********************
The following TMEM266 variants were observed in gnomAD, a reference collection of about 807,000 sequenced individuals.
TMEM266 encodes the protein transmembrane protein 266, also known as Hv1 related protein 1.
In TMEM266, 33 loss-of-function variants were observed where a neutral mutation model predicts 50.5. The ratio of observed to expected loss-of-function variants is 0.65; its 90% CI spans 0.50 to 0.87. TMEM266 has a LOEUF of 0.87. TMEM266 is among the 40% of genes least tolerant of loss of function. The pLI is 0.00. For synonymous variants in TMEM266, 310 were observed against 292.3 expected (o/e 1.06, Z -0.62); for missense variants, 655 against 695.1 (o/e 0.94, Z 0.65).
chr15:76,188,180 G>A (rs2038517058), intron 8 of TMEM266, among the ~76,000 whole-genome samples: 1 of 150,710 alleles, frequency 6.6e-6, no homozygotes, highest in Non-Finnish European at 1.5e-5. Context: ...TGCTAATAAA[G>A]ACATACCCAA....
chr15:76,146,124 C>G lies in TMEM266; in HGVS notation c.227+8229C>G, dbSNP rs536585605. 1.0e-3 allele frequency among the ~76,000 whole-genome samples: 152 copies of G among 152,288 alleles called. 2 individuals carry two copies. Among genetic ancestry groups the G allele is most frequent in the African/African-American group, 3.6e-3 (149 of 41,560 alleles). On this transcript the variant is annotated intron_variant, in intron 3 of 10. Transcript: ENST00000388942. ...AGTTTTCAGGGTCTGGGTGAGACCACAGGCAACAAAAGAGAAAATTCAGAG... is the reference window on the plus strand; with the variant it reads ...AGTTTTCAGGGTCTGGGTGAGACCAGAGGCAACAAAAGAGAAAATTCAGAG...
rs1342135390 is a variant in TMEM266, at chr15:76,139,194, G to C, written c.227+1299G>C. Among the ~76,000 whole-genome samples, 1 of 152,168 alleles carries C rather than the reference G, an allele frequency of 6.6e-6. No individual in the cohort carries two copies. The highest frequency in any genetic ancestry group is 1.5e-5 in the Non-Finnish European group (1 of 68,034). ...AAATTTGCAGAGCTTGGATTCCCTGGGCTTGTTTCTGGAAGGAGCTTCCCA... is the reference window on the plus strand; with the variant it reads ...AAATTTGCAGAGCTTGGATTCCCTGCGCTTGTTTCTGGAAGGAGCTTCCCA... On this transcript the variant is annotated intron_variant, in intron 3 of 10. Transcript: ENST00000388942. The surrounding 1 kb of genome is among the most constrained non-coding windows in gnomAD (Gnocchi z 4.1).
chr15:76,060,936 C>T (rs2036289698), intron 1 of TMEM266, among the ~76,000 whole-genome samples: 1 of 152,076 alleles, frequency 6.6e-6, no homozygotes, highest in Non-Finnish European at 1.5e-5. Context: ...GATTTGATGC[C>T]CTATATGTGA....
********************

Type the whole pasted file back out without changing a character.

The following TMEM266 variants were observed in gnomAD, a reference collection of about 807,000 sequenced individuals.
TMEM266 encodes the protein transmembrane protein 266, also known as Hv1 related protein 1.
In TMEM266, 33 loss-of-function variants were observed where a neutral mutation model predicts 50.5. The ratio of observed to expected loss-of-function variants is 0.65; its 90% CI spans 0.50 to 0.87. TMEM266 has a LOEUF of 0.87. TMEM266 is among the 40% of genes least tolerant of loss of function. The pLI is 0.00. For synonymous variants in TMEM266, 310 were observed against 292.3 expected (o/e 1.06, Z -0.62); for missense variants, 655 against 695.1 (o/e 0.94, Z 0.65).
chr15:76,188,180 G>A (rs2038517058), intron 8 of TMEM266, among the ~76,000 whole-genome samples: 1 of 150,710 alleles, frequency 6.6e-6, no homozygotes, highest in Non-Finnish European at 1.5e-5. Context: ...TGCTAATAAA[G>A]ACATACCCAA....
chr15:76,146,124 C>G lies in TMEM266; in HGVS notation c.227+8229C>G, dbSNP rs536585605. 1.0e-3 allele frequency among the ~76,000 whole-genome samples: 152 copies of G among 152,288 alleles called. 2 individuals carry two copies. Among genetic ancestry groups the G allele is most frequent in the African/African-American group, 3.6e-3 (149 of 41,560 alleles). On this transcript the variant is annotated intron_variant, in intron 3 of 10. Transcript: ENST00000388942. ...AGTTTTCAGGGTCTGGGTGAGACCACAGGCAACAAAAGAGAAAATTCAGAG... is the reference window on the plus strand; with the variant it reads ...AGTTTTCAGGGTCTGGGTGAGACCAGAGGCAACAAAAGAGAAAATTCAGAG...
rs1342135390 is a variant in TMEM266, at chr15:76,139,194, G to C, written c.227+1299G>C. Among the ~76,000 whole-genome samples, 1 of 152,168 alleles carries C rather than the reference G, an allele frequency of 6.6e-6. No individual in the cohort carries two copies. The highest frequency in any genetic ancestry group is 1.5e-5 in the Non-Finnish European group (1 of 68,034). ...AAATTTGCAGAGCTTGGATTCCCTGGGCTTGTTTCTGGAAGGAGCTTCCCA... is the reference window on the plus strand; with the variant it reads ...AAATTTGCAGAGCTTGGATTCCCTGCGCTTGTTTCTGGAAGGAGCTTCCCA... On this transcript the variant is annotated intron_variant, in intron 3 of 10. Transcript: ENST00000388942. The surrounding 1 kb of genome is among the most constrained non-coding windows in gnomAD (Gnocchi z 4.1).
chr15:76,060,936 C>T (rs2036289698), intron 1 of TMEM266, among the ~76,000 whole-genome samples: 1 of 152,076 alleles, frequency 6.6e-6, no homozygotes, highest in Non-Finnish European at 1.5e-5. Context: ...GATTTGATGC[C>T]CTATATGTGA....